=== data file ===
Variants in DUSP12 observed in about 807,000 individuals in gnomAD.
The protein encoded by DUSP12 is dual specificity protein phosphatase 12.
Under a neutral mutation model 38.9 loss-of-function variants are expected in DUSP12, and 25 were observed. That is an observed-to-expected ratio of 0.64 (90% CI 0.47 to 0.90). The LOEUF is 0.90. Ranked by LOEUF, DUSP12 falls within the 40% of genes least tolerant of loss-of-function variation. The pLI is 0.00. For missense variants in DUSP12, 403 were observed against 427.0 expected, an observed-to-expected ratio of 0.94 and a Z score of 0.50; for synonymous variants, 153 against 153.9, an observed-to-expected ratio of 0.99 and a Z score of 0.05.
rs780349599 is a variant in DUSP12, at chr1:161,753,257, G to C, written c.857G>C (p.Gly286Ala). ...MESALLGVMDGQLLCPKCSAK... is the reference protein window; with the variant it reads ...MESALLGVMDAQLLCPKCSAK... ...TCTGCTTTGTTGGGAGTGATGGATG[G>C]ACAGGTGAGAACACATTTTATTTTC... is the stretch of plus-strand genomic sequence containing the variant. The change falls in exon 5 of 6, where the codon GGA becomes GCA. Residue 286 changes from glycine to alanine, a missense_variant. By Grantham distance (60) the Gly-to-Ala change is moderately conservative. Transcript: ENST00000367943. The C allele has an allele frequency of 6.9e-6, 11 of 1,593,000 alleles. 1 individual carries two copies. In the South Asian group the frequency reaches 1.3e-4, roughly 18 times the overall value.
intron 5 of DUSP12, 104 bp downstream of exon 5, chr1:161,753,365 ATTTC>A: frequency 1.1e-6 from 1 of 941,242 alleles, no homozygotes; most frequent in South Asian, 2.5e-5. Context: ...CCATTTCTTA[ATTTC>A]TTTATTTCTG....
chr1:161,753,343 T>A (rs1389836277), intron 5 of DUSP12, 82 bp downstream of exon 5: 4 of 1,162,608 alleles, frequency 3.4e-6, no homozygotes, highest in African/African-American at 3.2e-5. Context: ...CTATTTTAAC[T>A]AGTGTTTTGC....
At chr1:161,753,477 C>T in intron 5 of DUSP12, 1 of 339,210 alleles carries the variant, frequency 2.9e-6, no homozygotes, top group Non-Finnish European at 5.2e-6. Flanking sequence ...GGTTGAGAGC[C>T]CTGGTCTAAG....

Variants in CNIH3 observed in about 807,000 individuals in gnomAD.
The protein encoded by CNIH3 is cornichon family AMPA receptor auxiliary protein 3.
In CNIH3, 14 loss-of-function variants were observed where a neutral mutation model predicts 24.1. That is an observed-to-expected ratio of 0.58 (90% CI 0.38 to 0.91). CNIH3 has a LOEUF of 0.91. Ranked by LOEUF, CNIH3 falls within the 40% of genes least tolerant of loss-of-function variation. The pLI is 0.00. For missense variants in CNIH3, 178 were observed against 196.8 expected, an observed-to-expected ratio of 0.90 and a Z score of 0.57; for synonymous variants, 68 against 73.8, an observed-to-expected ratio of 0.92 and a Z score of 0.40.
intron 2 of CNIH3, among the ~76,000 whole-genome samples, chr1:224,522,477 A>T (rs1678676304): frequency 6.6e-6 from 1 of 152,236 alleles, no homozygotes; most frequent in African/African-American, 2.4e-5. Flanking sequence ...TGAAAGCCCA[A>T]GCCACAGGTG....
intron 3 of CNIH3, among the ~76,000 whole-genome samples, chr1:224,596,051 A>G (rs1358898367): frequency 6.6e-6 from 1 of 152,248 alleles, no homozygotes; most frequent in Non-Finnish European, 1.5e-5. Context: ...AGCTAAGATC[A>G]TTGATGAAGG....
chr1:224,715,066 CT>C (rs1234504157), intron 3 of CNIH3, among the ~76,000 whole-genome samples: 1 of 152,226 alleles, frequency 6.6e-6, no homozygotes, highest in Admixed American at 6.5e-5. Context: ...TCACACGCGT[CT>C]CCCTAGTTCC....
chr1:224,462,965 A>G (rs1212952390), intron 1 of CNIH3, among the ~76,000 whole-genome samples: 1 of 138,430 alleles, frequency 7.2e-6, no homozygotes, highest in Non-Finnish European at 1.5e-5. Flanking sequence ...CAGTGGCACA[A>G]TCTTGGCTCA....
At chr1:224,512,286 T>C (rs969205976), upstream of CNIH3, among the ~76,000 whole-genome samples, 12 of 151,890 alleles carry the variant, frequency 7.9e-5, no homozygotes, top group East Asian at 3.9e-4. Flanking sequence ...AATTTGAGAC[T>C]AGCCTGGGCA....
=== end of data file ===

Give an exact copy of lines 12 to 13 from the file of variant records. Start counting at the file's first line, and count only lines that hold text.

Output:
intron 3 of CNIH3, among the ~76,000 whole-genome samples, chr1:224,596,051 A>G (rs1358898367): frequency 6.6e-6 from 1 of 152,248 alleles, no homozygotes; most frequent in Non-Finnish European, 1.5e-5. Context: ...AGCTAAGATC[A>G]TTGATGAAGG....
chr1:224,715,066 CT>C (rs1234504157), intron 3 of CNIH3, among the ~76,000 whole-genome samples: 1 of 152,226 alleles, frequency 6.6e-6, no homozygotes, highest in Admixed American at 6.5e-5. Context: ...TCACACGCGT[CT>C]CCCTAGTTCC....